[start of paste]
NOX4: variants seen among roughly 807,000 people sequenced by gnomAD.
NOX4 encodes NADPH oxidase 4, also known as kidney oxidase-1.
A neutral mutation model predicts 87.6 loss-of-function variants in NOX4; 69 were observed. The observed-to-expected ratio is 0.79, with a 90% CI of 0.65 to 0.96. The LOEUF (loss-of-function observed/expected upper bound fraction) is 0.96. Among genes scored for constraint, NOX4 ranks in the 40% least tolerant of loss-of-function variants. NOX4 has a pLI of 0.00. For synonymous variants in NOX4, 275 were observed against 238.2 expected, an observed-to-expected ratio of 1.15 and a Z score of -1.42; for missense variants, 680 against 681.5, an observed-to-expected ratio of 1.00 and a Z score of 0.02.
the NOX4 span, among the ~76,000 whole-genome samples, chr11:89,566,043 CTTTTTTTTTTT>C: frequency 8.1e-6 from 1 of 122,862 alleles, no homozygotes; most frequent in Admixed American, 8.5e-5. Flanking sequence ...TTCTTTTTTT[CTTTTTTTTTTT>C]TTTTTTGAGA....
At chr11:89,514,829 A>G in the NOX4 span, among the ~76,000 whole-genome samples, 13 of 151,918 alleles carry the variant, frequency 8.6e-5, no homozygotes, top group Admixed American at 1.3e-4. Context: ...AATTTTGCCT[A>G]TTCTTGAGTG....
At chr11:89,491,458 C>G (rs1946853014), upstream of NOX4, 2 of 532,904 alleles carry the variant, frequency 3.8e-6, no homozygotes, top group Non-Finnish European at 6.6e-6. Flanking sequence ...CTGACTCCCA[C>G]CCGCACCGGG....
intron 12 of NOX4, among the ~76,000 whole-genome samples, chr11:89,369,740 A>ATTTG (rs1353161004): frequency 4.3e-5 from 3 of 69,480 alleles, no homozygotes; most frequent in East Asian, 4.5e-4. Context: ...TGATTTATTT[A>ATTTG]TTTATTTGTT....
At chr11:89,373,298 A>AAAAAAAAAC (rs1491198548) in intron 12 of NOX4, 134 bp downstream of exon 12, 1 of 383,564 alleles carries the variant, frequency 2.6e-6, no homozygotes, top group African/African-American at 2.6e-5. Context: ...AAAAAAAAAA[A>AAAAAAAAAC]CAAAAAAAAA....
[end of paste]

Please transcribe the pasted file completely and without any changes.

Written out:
NOX4: variants seen among roughly 807,000 people sequenced by gnomAD.
NOX4 encodes NADPH oxidase 4, also known as kidney oxidase-1.
A neutral mutation model predicts 87.6 loss-of-function variants in NOX4; 69 were observed. The observed-to-expected ratio is 0.79, with a 90% CI of 0.65 to 0.96. The LOEUF (loss-of-function observed/expected upper bound fraction) is 0.96. Among genes scored for constraint, NOX4 ranks in the 40% least tolerant of loss-of-function variants. NOX4 has a pLI of 0.00. For synonymous variants in NOX4, 275 were observed against 238.2 expected, an observed-to-expected ratio of 1.15 and a Z score of -1.42; for missense variants, 680 against 681.5, an observed-to-expected ratio of 1.00 and a Z score of 0.02.
the NOX4 span, among the ~76,000 whole-genome samples, chr11:89,566,043 CTTTTTTTTTTT>C: frequency 8.1e-6 from 1 of 122,862 alleles, no homozygotes; most frequent in Admixed American, 8.5e-5. Flanking sequence ...TTCTTTTTTT[CTTTTTTTTTTT>C]TTTTTTGAGA....
At chr11:89,514,829 A>G in the NOX4 span, among the ~76,000 whole-genome samples, 13 of 151,918 alleles carry the variant, frequency 8.6e-5, no homozygotes, top group Admixed American at 1.3e-4. Context: ...AATTTTGCCT[A>G]TTCTTGAGTG....
At chr11:89,491,458 C>G (rs1946853014), upstream of NOX4, 2 of 532,904 alleles carry the variant, frequency 3.8e-6, no homozygotes, top group Non-Finnish European at 6.6e-6. Flanking sequence ...CTGACTCCCA[C>G]CCGCACCGGG....
intron 12 of NOX4, among the ~76,000 whole-genome samples, chr11:89,369,740 A>ATTTG (rs1353161004): frequency 4.3e-5 from 3 of 69,480 alleles, no homozygotes; most frequent in East Asian, 4.5e-4. Context: ...TGATTTATTT[A>ATTTG]TTTATTTGTT....
At chr11:89,373,298 A>AAAAAAAAAC (rs1491198548) in intron 12 of NOX4, 134 bp downstream of exon 12, 1 of 383,564 alleles carries the variant, frequency 2.6e-6, no homozygotes, top group African/African-American at 2.6e-5. Context: ...AAAAAAAAAA[A>AAAAAAAAAC]CAAAAAAAAA....